90 elephants slaughtered, stripped of tusks in Botswana's worst massacre of elephants in its history
September 7, 2018 04:00 PM NPT
Photo Courtesy: Agencies
BOTSWANA, Sept 8: Conservationists have discovered the corpses of 90 elephants in Botswana in the last two months. The atrocious discovery unleashes fears of a poaching boom in a country that has traditionally been a safe haven for tens of thousands of these gentle animals.
Poachers appear to be attacking male elephants over the age of 35, killing them near watering places and cutting their fangs, said Mike Chase, a conservation biologist who founded the environmental group Elephants Without Borders. Six white rhinos have also been killed, he said.
The scale of poaching is "by far the largest I have seen or read in Africa to date," Chase told HuffPost in a statement. "Every day we count dead elephants."
Elephants Without Borders said it discovered the dead animals when it began conducting a census of these animals within Botswana that began in mid-July.
The country has long been a refuge for more than a third of Africa's remaining elephants (around 130,000) thanks to its strict environmental protection that, until recently, gave its conservation staff the authority to shoot suspected hunters furtive.
The dead elephants "presumably had the heaviest tusks in the region, about 30 kilos or even larger," said Chase, who led the Great Elephant Census for two years to count each elephant on the African continent. "A clear order has been issued for tusks of a specific weight, and I suspect that large ivory is in great demand, considering that there are few large tusks left in Africa."
He said that poachers "seem to point to male elephants when they go down to drink in seasonal watering holes."
Kelly Landen, program manager for Elephants Without Borders, said the group had been flying since July 10 for the inspection of elephants in association with the Botswana National Parks and Wildlife Department, which hires the group to conduct inspections every four years, according to National Geographic.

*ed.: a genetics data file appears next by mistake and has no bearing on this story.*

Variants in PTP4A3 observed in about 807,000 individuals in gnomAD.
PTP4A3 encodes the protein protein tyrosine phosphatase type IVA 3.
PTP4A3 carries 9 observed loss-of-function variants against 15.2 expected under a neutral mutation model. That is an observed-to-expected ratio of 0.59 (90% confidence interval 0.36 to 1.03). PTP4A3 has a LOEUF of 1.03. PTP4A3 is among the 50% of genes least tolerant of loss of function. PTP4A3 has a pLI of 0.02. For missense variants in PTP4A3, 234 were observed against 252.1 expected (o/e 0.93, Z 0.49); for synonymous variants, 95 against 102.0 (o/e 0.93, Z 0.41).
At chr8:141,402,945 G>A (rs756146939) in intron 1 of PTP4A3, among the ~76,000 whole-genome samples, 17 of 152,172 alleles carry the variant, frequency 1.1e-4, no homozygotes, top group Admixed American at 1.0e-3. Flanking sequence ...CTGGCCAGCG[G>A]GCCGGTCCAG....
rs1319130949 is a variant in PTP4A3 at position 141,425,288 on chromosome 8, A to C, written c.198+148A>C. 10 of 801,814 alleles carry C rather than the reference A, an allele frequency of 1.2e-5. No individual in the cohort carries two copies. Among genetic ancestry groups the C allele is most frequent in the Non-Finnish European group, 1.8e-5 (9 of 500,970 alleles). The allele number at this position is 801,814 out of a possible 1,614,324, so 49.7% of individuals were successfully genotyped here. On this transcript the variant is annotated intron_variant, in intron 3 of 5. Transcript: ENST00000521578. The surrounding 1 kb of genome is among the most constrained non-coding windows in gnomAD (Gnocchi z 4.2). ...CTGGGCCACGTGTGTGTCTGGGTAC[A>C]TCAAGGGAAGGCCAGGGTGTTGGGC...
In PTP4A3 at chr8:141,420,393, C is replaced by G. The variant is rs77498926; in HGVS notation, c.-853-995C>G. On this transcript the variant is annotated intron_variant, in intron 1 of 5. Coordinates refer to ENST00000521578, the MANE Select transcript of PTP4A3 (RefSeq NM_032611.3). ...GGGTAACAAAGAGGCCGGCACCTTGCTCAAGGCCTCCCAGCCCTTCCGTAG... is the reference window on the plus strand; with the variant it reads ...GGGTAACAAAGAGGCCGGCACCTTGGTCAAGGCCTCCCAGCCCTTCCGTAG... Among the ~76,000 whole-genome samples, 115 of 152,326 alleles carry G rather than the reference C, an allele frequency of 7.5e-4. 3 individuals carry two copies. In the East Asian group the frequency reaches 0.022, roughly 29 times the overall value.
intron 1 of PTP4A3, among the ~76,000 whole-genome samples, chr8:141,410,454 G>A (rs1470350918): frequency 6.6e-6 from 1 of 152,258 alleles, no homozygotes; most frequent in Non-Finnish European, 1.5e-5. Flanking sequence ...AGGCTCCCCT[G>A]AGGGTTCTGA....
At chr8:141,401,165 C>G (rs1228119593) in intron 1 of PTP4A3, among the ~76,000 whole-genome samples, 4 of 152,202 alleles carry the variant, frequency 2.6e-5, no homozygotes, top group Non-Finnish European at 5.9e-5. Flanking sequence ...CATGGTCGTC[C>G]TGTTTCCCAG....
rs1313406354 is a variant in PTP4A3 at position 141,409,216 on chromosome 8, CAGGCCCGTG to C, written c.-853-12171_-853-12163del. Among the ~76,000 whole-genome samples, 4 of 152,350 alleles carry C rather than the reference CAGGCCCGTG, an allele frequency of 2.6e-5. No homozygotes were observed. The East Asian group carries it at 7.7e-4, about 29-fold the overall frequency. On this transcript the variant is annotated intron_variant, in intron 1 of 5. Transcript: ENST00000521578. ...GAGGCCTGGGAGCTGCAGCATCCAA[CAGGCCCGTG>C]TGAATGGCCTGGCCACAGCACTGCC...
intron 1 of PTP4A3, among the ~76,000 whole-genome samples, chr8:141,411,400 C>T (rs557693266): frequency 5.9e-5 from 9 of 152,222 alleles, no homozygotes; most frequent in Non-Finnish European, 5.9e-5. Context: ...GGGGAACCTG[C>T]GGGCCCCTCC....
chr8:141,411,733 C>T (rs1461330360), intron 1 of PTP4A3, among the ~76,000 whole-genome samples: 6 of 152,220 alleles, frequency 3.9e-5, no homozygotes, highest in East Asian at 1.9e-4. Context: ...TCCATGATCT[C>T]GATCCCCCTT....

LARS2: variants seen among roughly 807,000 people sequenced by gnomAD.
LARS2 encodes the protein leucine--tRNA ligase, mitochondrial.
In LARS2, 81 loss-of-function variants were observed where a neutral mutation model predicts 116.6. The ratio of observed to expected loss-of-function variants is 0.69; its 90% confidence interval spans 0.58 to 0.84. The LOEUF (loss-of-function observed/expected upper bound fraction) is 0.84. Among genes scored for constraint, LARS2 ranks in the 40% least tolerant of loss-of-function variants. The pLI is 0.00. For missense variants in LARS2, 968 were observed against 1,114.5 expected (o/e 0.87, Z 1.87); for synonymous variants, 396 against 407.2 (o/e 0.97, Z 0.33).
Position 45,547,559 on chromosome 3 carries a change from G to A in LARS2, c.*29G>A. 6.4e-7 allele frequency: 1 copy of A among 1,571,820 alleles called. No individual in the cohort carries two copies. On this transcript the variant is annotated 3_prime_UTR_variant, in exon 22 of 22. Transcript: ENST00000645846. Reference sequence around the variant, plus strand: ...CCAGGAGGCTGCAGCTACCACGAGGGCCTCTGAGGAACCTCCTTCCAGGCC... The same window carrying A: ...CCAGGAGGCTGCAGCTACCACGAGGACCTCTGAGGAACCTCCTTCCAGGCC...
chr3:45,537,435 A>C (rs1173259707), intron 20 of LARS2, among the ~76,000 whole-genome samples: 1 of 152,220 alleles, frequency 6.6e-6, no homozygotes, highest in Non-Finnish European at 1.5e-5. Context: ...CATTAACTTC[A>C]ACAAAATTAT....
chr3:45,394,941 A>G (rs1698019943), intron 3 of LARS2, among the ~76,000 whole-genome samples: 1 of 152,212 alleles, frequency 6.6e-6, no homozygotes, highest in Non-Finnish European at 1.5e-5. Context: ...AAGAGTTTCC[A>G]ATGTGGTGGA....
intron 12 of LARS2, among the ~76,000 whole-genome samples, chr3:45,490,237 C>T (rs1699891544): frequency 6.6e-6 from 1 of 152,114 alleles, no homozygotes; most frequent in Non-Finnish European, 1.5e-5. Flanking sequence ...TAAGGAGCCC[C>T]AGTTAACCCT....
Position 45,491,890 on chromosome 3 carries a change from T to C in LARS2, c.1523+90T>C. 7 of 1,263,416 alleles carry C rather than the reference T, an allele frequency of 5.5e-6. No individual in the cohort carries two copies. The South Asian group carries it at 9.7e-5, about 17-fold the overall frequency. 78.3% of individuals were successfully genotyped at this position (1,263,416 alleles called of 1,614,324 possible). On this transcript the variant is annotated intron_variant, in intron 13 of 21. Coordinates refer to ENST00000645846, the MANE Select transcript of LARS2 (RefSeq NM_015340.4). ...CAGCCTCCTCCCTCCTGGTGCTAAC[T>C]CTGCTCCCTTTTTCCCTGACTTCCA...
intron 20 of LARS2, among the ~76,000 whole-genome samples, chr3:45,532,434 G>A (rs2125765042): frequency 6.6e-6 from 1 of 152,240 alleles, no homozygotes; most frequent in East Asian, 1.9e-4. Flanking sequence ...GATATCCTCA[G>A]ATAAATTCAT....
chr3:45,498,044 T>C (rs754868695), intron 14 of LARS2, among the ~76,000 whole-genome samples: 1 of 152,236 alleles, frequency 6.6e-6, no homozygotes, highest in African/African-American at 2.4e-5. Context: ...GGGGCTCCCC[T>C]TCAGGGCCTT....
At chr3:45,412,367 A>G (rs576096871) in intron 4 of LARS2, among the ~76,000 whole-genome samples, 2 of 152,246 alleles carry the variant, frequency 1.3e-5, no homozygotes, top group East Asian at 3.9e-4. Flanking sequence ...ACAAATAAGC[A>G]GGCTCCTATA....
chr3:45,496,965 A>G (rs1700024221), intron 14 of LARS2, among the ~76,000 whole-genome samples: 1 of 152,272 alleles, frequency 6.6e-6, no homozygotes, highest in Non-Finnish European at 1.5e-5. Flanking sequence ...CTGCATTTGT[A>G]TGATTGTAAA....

However, the Botswana government is rejecting the research findings and labeling them "false and deceptive." Most of the bodies documented by Elephants Without Borders "were not poached, but died of natural causes and killings of reprisals as a result of human and wildlife conflicts," the government said in a statement.
The government also tried to distance the killing from its decision to disarm its forces against poaching earlier this year without explanation. The team previously operated with the authority to shoot poachers in sight, and at least 52 had been killed in the past two decades, according to The Southern Times.
"The Government of Botswana wishes to state that it is unfortunate that some media reports attribute the increase in elephant poaching primarily to the removal of weapons from the National Wildlife and National Parks Department's Poaching Unit (DWNP)", published the government on your Facebook page. "The fact is that the removal of such weapons from DWNP, in no way affected the effectiveness and operations of the units against poaching."
Chase suggested to the BBC this week that such a change encourages poachers to put their sights on Botswana's wildlife, as neighboring countries have already seen their elephant populations "on the brink of local extinction" reduced.
"People warned us about an imminent poaching problem and we thought we were ready for it," Chase said. "Poachers are now targeting Botswana with their weapons, we have the largest elephant population in the world and it's an open season for poachers."